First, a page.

Use of oral corticosteroids and the risk of acute myocardial infarction
Varas-Lorenzo, C., Rodriguez, L. A., Maguire, A., Castellsague, J., & Perez-Gutthann, S. (2007). Use of oral corticosteroids and the risk of acute myocardial infarction. Atherosclerosis, 192(2), 376-383.
INTRODUCTION: A few epidemiological studies suggested an increased coronary heart disease (CHD) risk with high doses of oral corticosteroids.
METHODS: We performed a cohort study with nested case-control analysis to estimate the risk of acute myocardial infarction (AMI) associated with the use of oral corticosteroids by dose and duration. We followed-up 404,183 persons, 50-84 years old, without cancer from the general UK population. After validation of a random sample (confirmation rate of 96%), we included 4795 hospitalised cases of AMI or CHD deaths. We randomly sampled 20,000 controls, frequency matched by sex, age and calendar year. Relative risks were estimated using unconditional logistic regression.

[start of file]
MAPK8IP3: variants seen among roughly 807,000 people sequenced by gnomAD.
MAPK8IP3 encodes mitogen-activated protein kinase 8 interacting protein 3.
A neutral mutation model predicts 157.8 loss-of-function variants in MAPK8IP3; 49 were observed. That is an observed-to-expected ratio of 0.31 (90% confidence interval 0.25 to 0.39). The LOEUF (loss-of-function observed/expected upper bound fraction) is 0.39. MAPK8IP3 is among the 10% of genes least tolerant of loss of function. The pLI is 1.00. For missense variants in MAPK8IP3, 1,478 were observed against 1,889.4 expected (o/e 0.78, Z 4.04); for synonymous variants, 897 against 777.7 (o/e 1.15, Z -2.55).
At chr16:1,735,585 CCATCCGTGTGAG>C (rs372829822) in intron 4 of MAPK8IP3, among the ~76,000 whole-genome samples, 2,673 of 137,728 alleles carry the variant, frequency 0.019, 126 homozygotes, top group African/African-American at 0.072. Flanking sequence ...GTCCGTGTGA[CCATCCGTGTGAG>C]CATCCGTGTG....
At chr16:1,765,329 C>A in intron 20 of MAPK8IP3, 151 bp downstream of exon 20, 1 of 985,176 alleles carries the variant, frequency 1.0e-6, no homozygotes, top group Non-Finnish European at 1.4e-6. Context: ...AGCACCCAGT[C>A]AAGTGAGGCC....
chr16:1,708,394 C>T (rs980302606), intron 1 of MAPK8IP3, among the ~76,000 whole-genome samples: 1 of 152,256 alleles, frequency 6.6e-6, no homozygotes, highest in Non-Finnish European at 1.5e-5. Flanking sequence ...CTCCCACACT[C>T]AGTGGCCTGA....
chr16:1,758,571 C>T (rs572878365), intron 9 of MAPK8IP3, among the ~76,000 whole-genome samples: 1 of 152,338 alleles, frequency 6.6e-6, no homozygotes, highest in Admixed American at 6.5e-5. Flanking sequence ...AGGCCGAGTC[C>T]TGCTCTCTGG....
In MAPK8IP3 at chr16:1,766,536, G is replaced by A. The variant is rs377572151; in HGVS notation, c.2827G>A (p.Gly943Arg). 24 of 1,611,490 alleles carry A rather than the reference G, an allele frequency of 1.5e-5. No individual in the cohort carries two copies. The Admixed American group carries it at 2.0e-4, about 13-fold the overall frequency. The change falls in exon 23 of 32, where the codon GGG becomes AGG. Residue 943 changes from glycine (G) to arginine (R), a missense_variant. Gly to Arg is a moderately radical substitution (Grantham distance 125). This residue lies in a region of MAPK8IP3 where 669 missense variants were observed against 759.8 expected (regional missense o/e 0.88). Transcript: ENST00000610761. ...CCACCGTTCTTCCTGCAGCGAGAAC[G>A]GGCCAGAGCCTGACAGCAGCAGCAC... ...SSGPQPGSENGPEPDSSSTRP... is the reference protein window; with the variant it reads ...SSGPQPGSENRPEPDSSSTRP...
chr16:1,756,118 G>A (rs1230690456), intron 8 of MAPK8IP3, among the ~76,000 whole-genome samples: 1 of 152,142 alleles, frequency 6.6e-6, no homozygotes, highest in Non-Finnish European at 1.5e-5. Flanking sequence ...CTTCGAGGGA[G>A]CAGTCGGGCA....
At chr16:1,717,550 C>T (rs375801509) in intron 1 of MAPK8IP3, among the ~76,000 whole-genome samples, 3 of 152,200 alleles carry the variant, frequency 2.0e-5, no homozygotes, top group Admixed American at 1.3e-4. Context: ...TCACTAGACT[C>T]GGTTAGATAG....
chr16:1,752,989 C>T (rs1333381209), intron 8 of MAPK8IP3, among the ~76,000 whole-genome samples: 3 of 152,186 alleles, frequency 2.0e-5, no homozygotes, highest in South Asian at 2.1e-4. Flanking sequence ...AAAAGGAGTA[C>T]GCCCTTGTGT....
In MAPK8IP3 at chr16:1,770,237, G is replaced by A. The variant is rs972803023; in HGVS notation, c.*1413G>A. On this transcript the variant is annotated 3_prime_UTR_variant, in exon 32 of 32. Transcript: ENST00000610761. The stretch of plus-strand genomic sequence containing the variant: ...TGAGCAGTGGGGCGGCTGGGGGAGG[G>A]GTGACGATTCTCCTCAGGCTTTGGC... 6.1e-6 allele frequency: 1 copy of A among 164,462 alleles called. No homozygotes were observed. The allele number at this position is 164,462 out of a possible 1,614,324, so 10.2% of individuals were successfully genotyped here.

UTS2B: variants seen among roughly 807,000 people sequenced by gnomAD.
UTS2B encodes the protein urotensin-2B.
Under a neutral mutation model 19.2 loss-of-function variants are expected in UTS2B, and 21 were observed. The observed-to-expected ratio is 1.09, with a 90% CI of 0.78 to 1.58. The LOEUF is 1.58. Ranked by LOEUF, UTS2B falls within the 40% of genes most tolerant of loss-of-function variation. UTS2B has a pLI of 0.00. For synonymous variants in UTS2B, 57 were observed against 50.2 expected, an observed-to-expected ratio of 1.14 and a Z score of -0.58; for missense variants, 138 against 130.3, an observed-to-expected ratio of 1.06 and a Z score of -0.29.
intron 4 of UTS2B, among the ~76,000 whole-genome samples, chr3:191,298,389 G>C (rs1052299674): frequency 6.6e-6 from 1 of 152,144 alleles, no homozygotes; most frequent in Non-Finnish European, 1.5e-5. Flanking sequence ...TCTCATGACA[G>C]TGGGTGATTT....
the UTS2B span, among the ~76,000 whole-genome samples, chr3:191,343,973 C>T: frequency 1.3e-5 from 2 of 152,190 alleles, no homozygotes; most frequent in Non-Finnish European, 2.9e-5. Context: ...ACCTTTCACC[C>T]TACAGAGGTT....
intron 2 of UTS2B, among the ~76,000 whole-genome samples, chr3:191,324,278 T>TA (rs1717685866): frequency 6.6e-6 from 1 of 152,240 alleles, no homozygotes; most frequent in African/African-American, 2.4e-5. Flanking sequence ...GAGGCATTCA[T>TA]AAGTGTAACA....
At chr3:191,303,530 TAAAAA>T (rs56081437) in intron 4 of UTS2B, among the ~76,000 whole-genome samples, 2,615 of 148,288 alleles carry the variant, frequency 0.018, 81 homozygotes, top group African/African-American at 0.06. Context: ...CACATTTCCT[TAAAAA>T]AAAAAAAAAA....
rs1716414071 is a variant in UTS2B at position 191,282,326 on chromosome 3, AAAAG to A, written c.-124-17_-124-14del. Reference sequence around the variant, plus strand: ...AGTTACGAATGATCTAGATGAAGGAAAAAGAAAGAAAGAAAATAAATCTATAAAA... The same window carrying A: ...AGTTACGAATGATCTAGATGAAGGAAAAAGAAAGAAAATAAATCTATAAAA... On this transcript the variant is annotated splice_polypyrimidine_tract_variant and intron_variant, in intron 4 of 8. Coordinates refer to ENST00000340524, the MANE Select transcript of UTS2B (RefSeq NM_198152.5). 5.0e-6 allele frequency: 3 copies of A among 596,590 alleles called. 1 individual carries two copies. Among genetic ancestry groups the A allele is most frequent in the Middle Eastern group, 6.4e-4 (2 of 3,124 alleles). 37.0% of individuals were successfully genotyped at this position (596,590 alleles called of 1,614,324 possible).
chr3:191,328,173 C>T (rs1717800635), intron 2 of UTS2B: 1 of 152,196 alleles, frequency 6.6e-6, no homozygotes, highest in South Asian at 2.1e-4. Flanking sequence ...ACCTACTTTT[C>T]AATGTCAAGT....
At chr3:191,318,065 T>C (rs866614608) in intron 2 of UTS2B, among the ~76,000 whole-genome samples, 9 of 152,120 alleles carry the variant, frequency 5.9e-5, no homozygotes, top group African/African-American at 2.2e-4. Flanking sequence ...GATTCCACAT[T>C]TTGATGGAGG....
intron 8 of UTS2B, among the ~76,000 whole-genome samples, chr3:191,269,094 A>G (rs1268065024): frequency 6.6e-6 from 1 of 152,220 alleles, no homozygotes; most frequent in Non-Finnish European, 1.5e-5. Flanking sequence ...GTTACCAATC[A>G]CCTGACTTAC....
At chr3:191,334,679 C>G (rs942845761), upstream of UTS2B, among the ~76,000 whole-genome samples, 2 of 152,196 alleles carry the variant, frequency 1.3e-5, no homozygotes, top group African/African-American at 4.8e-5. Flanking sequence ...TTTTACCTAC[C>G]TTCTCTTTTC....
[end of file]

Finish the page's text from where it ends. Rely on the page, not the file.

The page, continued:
RESULTS: The adjusted OR for AMI in current users of oral corticosteroids compared to non-users was 1.42 (95% CI: 1.17-1.72). The risk during the first 30 days of use (OR=2.24; 95% CI: 1.56-3.20) was greater than with longer duration (OR=1.22; 95% CI 0.98-1.52). The risk was more pronounced (OR=2.15; 95% CI 1.45-3.14) among users of prednisolone equivalent doses >10mg/day. The dose effect was observed both among patients with and without CHD or COPD/asthma.
CONCLUSION: These results suggest a small increased risk of AMI with oral corticosteroid use with a greater risk observed among users of high corticosteroid dose